March 25, 2015

It Happened on March 25th

Pecan Day
Jefferson gave them to Washington.
March 25th is one of the days we celebrate pecans. (Another Pecan Day is April 14th.) Pecans are the only major nut native to North America. The word pecan comes from an Algonquin word meaning "a nut that can only be cracked with a stone." It's believed that Native Americans cultivated the Pecan tree. Besides serving as a food source, the nuts could also be fermented to make a drink called "Powcohicora." 

In the 16th century, Spaniards brought the pecan to Europe, as well as to Asia and Africa. In the late 1600's Spaniards are also known to have cultivated pecans in northern Mexico. Colonists in (what is now) the United States didn't cultivate them until about the mid-1600's. 

Thomas Jefferson was known to have planted pecans in his garden, and he even gave some to George Washington to plant in his. Washington referred to them as "Illinois nuts" in his journal. 

Richard I Wounded by a Crossbow, 1199
Richard the Lionheart
This is Richard the Lionheart, the King Richard of Robin Hood myth, and of tales of the Crusades. There are so many tales of the Couer de Lion, and the story of his death is one of them. 

In March of 1199, Richard was laying siege to the castle of Chalus-Chambrol in France. He was walking around the castle without his chainmail, viewing the situation. An archer on the castle wall amused Richard by taking aim at him with his cross-bow, while simultaneously holding a pot to try to shield himself from incoming arrows. While Richard was being amused, another archer shot him in the shoulder. The arrow struck his left shoulder, and, although the arrow was removed, gangrene set in.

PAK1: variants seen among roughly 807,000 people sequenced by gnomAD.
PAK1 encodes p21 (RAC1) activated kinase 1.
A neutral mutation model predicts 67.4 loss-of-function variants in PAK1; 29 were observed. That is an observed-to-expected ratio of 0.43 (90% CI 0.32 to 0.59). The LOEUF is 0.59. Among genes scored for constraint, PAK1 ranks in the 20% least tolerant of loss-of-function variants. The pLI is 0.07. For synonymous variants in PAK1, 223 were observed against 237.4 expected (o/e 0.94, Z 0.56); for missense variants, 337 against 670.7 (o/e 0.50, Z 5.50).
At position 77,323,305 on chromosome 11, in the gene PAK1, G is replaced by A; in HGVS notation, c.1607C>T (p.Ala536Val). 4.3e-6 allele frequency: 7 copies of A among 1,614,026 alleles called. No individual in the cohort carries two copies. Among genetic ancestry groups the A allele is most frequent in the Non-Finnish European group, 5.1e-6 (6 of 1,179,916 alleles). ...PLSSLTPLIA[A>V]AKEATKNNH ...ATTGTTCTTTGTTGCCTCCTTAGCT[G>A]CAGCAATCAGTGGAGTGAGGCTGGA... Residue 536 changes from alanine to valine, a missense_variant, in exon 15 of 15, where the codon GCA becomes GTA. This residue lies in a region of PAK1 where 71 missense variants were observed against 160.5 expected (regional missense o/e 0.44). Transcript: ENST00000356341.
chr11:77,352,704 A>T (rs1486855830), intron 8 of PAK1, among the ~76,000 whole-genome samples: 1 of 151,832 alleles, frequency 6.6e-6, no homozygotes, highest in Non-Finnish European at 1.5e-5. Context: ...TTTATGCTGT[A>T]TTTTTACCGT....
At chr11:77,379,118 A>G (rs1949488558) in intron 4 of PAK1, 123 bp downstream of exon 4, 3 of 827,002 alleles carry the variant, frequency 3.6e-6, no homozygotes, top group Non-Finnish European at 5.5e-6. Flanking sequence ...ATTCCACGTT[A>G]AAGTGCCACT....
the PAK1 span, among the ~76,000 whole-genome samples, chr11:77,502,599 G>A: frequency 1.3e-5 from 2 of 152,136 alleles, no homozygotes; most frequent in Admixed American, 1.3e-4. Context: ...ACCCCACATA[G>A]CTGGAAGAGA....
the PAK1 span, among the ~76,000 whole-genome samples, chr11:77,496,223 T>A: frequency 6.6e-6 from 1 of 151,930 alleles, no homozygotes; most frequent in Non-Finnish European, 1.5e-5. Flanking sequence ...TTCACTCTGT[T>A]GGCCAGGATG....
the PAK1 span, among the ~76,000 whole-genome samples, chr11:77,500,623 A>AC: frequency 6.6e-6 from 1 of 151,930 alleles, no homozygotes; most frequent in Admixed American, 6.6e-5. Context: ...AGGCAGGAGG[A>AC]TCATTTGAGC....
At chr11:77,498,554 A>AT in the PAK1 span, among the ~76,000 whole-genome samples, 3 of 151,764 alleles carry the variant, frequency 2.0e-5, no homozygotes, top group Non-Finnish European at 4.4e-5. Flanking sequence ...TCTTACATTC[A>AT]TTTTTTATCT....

Before Richard's death, the castle was overtaken, and the archer was brought before the king. He turned out to be a boy, and he said that Richard had killed his father and two of his brothers, and that he had killed Richard in revenge. Richard told the boy, "Live on, and by my bounty behold the light of day." He ordered his men to free him, and to give him 100 shillings. 

Richard died on April 6th, in the arms of his mother. His heart was taken to Rouen for burial there, his entrails were buried at Chalus-Chambrol, and his body was buried near his father at Fontevraud Abbey in Anjou. According to a 13th century Bishop, Richard spent 33 years in Purgatory for his sins, and then ascended to Heaven in March 1232. 

As for the archer, things didn't work out for him as well as Richard had planned. As soon as Richard died, he was flayed alive and then hanged. 

Feast of St. Dismas
St. Dismas statue in Breznice, Czech Republic
You may recall from your Sunday School lessons that Jesus was crucified between two thieves. In the Gospel of St. Luke, one of the thieves is described as being penitent, and Jesus told him that "today you will be with me in Paradise." 

Out of the four gospels, Luke's is the only one who describes one of the thieves as being penitent. Luke doesn't name the thief, actually. That comes from the Gospel of Nicodemus. (The other thief is called Gestas.) In the Arabic tradition, the good thief is called Titus, and in the Russian Orthodox he is called Rach.

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